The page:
The Handmaid’s Tale: A Ballet??

Handmaid's Tale BalletThis October, the Royal Winnipeg Ballet will be premiering a new ballet choreographed by the amazing Lila York and adapted from the classic dystopian novel The Handmaid’s Tale by Margaret Atwood. It’s the story of a woman living in a possible not-too-distant future, where religious extremists have control over all aspects of life, but especially over reproduction.

This is an intriguing choice for a ballet, and I’m eager to see how it’s going to look, since in the novel women are obliged to wear robes that completely hide their bodies, which is pretty much the opposite of your typical ballet costume. WPL and RWB figured you all may be intrigued as well, so together we’re offering a peek behind the curtain (or under the robe?) of how this ballet is being put together. Join us for some informal lunch-hour talks, at the Millennium Library on October 1st, 8th, and 15th.

And the next time you’re here, or any branch for that matter, enter to win a pair of tickets to the ballet and a copy of the book signed by Margaret Atwood!

LewisTuesday, October 1, 12:10-12:50 pm: RWB Artistic Director André Lewis will discuss the transformation from book to ballet.

LawsonTuesday, October 8, 12:10-12:50 pm: Vanessa Lawson, a current Ballet Master and Former Principal Dancer, will dicuss working on this brand new ballet in her new role.

VandalTuesday, October 15, 12:10-12:50 pm: Costume Designer Liz Vandal will discuss creating the look.

All three talks are in the Carol Shields Auditorium (just off the second floor Skywalk) in the Millennium Library, 251 Donald Street.

Can’t wait until October? Here are some Handmaid’s Tale-related and ballet-related things to do in the meantime:

Choose from our large collection of ballet performances on DVD and Blu-ray, or catch the wonderful documentary Ballets Russes. You don’t need to know anything about ballet to enjoy this documentary on the company whose innovative work in the 1930s and 40s laid the foundation for modern ballet worldwide. It features footage of renowned prima ballerinas, designs by the likes of Salvador Dali and Henri Matisse, and interviews with some of the dancers themselves.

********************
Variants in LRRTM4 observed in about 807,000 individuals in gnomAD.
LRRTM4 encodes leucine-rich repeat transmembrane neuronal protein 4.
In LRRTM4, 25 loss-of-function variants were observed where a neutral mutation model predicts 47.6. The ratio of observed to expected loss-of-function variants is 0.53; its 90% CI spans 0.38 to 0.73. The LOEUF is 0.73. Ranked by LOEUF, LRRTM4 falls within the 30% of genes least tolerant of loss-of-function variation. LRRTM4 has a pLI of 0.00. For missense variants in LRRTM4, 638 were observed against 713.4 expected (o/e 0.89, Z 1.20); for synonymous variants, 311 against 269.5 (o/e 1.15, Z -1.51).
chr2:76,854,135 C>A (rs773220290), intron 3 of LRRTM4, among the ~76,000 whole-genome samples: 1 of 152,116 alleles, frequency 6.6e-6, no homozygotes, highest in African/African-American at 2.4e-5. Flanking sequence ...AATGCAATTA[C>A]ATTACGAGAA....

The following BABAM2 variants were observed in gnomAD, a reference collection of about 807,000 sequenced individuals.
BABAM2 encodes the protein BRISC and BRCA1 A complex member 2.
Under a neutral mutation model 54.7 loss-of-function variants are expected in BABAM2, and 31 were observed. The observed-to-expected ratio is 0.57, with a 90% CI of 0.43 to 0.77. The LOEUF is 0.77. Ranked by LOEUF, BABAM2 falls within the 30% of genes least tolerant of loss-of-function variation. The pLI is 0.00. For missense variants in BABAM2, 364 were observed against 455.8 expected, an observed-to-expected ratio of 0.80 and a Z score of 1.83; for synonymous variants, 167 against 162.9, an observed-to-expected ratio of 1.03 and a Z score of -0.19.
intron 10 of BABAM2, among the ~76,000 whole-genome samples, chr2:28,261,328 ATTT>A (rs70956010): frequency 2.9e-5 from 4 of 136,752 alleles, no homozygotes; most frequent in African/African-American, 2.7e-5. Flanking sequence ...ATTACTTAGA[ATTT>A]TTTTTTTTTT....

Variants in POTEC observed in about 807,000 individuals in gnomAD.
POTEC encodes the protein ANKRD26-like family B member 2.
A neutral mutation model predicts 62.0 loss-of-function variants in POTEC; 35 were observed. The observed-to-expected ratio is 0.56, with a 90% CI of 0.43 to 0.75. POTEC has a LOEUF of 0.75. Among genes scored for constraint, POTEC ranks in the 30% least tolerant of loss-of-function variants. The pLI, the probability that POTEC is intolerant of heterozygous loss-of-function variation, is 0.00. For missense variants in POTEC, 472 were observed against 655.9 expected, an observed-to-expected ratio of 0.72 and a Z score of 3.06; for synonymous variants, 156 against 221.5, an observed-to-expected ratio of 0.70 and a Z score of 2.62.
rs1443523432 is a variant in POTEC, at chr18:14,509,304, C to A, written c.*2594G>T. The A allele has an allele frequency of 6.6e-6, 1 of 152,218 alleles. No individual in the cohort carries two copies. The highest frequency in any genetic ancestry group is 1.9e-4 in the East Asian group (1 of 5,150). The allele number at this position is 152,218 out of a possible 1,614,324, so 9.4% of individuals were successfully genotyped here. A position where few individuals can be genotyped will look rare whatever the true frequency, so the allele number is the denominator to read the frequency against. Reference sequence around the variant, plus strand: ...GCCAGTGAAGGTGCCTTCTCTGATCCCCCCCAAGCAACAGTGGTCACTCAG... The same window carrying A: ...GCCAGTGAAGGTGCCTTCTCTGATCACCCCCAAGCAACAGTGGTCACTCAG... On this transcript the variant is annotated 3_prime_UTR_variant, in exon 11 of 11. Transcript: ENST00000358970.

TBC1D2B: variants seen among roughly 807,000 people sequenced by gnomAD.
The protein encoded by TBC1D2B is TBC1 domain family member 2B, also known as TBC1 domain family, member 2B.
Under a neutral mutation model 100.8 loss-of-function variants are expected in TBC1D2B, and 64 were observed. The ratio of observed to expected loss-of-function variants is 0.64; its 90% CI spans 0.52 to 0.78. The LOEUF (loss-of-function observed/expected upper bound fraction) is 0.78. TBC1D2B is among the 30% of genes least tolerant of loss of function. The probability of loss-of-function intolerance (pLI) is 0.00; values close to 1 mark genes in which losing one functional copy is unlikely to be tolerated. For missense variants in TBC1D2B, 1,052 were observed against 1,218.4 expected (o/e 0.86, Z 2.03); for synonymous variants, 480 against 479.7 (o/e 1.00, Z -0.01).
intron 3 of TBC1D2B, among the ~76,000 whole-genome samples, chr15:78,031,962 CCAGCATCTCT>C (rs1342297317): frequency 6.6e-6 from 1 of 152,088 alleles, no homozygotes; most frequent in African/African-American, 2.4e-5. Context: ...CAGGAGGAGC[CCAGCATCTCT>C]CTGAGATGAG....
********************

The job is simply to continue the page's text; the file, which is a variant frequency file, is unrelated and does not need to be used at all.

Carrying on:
Ballet 101Take a crash course (or just brush up) on all things ballet with Ballet 101: A Complete Guide to Learning and Loving the Ballet by Robert Greskovic. It’s great for those being introduced to ballet for the first time, and those just looking to learn more about it. A bit of ballet history, some insight into a dancer’s training and standard steps, how a ballet is put together, and what to expect when attending a performance.

In The WingsIn the Wings: Behind the Scenes at the New York City Ballet by Kyle Froman offers an authentic behind-the-scenes experience from a dancer who’s been with the company for over ten years. Photographs and Froman’s personal diary depict the pursuit of beauty and perfection despite injury, illness, and fatigue, as well as the exhilaration that hits when it all pays off.

Intrigued by the concepts explored in The Handmaid’s Tale? Here are some books that deal with similar themes:

Women's CountryThe Gate to Women’s Country by Sheri S. Tepper. After a catastrophic world war a feminist dystopia develops, made up of independent walled cities run by women and inhabited solely by them, their young children, and the small number of studious and compliant men who serve them. The majority of men live in camps outside the cities and rarely do the two groups interact. Like Handmaid’s Tale, this is a story that explores power, violence, and extreme control of reproduction.

Native TongueNative Tongue by Suzette Haden Elgin. In the twenty-second century, a new elite has arisen based on trade with beings on other planets and the ability to communicate with them. Women are property, without civil rights or involvement in public life, and the women of elite families are used to breed translators for the galaxies’ languages. Once past childbearing age, women are retired to the Barren House, where a slow revolution is secretly brewing.

Children of MenThe Children of Men by P.D. James. In the near future, society is facing grim prospects as, due to a plummeting sperm count, no children have been born in a generation. The Warden of England is becoming increasingly  tyrannical and is conducting desperate and dehumanizing fertility studies. Then, a tiny resistance known as the Five Fishes appears, and they possess perilous secrets. 

Hope you find something of interest here. See you around the library (and maybe the ballet, too)!

Erica

 

 

 

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